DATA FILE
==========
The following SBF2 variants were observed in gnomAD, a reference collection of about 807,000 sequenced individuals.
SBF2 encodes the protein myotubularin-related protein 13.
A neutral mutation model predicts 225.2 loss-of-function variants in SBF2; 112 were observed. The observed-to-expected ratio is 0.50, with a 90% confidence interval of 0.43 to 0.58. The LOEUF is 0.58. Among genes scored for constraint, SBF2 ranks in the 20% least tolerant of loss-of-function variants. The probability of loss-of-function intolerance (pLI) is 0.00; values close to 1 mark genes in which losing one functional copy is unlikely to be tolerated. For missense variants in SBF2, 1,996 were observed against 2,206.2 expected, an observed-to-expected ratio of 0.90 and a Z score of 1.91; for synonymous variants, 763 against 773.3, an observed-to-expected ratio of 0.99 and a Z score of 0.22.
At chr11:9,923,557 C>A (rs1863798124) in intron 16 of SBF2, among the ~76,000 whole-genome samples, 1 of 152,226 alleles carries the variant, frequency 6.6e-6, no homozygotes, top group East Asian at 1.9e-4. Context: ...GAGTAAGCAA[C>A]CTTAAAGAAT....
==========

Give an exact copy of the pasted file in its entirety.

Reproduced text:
The following SBF2 variants were observed in gnomAD, a reference collection of about 807,000 sequenced individuals.
SBF2 encodes the protein myotubularin-related protein 13.
A neutral mutation model predicts 225.2 loss-of-function variants in SBF2; 112 were observed. The observed-to-expected ratio is 0.50, with a 90% confidence interval of 0.43 to 0.58. The LOEUF is 0.58. Among genes scored for constraint, SBF2 ranks in the 20% least tolerant of loss-of-function variants. The probability of loss-of-function intolerance (pLI) is 0.00; values close to 1 mark genes in which losing one functional copy is unlikely to be tolerated. For missense variants in SBF2, 1,996 were observed against 2,206.2 expected, an observed-to-expected ratio of 0.90 and a Z score of 1.91; for synonymous variants, 763 against 773.3, an observed-to-expected ratio of 0.99 and a Z score of 0.22.
At chr11:9,923,557 C>A (rs1863798124) in intron 16 of SBF2, among the ~76,000 whole-genome samples, 1 of 152,226 alleles carries the variant, frequency 6.6e-6, no homozygotes, top group East Asian at 1.9e-4. Context: ...GAGTAAGCAA[C>A]CTTAAAGAAT....